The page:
Nine Innings

(Critical Survey of Contemporary Fiction)

Baseball is so well structured that one game of the hundreds played during a major-league season can display the sport in all its riches as well as its problems.

Daniel Okrent, author of THE ULTIMATE BASEBALL BOOK, chose to make a complete analysis, almost pitch-by-pitch, of a game played on a fine Thursday in Milwaukee, Wisconsin, after the rained out games and cold weather of April and May, but before the midsummer doldrums or the increasing tensions of a pennant race. No one could have known that the Brewers would win the American League Eastern Division title by one game, making every win crucial. This knowledge lends an air of retrospective importance to every time at bat and every fielding play, but the game can also be enjoyed the way a good fan could enjoy going to the park to see the team, with nothing at stake but an afternoon of baseball.

The Brewers had just changed managers and were in a losing streak and a batting slump, while the Orioles believed they would be in the pennant race right up to the end. In addition to offering a profile of the teams, Okrent examines each individual player’s psyche--and he is more successful at this than many another writer. Perhaps only Roger Kahn’s THE BOYS OF SUMMER has brought back as much information and emotion from the inner world of the professional athlete.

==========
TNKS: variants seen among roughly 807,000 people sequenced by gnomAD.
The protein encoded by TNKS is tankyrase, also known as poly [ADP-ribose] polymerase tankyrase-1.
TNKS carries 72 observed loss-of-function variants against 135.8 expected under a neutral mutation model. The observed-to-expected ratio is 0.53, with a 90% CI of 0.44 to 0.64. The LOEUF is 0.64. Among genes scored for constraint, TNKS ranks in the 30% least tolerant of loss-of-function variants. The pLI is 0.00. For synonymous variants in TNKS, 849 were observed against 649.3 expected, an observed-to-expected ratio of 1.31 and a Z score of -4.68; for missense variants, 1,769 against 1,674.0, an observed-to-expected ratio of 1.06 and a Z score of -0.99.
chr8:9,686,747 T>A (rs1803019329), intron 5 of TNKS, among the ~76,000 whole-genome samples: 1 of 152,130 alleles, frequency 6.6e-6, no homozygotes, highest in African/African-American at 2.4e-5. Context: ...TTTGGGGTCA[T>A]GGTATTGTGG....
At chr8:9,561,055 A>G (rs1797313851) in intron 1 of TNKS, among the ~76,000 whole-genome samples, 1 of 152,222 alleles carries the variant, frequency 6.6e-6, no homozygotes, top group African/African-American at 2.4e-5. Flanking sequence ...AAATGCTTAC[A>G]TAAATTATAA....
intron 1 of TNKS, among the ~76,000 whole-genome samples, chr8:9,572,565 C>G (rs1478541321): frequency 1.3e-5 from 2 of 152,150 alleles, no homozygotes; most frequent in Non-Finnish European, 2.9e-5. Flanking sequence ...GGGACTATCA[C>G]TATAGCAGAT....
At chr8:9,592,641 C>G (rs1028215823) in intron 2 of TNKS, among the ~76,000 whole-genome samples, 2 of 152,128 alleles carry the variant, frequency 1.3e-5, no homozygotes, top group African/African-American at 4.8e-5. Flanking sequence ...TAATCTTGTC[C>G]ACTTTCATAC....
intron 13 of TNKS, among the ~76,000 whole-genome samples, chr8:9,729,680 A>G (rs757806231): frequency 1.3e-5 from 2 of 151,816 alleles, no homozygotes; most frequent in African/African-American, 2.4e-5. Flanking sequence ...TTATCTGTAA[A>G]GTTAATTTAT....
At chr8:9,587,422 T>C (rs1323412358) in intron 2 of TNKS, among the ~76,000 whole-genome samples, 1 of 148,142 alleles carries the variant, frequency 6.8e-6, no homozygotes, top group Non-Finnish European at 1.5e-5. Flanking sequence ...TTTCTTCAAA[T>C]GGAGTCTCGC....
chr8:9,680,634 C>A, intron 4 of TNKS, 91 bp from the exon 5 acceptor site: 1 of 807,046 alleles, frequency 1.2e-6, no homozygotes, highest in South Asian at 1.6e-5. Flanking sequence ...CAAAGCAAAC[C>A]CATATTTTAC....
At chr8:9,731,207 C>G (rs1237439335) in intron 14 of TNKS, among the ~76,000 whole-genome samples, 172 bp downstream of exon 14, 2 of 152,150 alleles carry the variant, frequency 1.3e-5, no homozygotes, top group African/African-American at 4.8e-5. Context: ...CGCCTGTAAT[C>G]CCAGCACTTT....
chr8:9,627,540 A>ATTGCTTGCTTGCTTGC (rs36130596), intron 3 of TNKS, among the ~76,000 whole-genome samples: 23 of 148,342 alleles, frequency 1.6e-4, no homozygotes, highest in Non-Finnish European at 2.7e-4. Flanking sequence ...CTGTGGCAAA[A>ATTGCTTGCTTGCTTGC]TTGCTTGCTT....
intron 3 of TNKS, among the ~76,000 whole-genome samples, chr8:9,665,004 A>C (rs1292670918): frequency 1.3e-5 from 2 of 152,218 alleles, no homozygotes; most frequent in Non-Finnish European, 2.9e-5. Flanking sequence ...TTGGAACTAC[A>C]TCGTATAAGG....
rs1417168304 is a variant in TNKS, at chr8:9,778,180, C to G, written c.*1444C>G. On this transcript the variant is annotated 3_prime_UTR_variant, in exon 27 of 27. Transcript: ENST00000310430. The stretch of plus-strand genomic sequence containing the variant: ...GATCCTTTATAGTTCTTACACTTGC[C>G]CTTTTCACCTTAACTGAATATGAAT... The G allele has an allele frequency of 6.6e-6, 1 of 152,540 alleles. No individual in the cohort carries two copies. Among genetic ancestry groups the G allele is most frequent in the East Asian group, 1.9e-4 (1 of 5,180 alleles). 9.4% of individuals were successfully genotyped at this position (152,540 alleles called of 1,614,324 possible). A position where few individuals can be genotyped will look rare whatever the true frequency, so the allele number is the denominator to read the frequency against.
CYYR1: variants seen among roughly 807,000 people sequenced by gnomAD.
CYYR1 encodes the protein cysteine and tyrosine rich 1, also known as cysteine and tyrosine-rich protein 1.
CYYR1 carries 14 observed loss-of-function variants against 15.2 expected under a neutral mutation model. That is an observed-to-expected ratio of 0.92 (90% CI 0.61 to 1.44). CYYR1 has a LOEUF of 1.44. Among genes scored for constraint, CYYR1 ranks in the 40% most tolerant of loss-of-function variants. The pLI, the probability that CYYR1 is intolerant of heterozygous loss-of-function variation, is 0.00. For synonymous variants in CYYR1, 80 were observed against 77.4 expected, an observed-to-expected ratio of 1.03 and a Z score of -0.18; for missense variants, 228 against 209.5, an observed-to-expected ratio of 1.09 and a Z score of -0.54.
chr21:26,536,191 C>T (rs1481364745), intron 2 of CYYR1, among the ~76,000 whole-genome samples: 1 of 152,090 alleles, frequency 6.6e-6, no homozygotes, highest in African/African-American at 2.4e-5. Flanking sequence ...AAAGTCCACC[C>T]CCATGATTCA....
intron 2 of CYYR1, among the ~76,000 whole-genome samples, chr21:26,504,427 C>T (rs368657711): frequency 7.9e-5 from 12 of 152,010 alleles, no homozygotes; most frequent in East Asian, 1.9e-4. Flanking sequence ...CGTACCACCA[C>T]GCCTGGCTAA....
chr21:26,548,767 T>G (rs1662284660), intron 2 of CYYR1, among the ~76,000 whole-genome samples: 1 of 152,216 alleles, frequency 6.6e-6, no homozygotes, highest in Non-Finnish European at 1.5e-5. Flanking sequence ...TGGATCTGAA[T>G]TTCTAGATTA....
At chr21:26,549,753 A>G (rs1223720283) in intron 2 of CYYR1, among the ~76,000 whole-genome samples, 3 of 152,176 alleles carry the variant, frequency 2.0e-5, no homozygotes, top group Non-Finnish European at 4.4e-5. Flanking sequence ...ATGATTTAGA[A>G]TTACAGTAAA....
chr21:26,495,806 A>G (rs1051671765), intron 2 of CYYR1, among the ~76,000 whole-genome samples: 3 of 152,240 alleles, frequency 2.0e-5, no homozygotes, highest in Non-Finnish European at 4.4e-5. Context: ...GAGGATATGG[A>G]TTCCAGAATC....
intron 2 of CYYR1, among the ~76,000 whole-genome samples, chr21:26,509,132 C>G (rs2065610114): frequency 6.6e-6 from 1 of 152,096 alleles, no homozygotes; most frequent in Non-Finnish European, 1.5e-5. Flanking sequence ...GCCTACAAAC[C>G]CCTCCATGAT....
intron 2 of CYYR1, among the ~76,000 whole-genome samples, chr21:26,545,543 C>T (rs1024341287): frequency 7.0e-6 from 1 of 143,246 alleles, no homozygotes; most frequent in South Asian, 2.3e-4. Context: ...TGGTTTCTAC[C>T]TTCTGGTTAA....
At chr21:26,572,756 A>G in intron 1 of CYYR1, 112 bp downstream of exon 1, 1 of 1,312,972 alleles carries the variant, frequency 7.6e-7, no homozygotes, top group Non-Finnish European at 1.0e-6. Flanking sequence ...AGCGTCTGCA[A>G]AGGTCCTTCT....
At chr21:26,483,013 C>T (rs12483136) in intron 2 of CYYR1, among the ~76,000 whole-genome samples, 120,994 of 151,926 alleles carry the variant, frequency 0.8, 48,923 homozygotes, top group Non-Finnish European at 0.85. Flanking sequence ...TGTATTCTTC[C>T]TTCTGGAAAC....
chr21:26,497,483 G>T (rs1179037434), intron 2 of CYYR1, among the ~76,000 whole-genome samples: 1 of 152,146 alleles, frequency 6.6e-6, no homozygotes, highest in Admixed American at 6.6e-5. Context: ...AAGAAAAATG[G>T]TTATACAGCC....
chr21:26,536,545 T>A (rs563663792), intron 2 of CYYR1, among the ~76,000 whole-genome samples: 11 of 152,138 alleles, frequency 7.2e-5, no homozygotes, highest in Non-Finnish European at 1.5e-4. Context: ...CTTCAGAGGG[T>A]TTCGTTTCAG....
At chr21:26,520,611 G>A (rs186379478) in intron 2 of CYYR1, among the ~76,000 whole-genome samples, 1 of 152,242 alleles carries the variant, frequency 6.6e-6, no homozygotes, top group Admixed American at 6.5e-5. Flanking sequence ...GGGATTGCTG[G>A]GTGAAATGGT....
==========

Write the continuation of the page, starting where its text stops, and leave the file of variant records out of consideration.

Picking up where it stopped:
Yet Okrent goes further. As the players come to bat or field their positions, he uses their careers to examine free agency, years in the minors, the game’s traditions noble and silly, the business of running a ballclub, uneasy relations between players and the press, and every strand of the complex texture of baseball--except the drug problem, which had not yet surfaced in 1982.

Anyone who cares for baseball and good writing will admire and perhaps even love this book.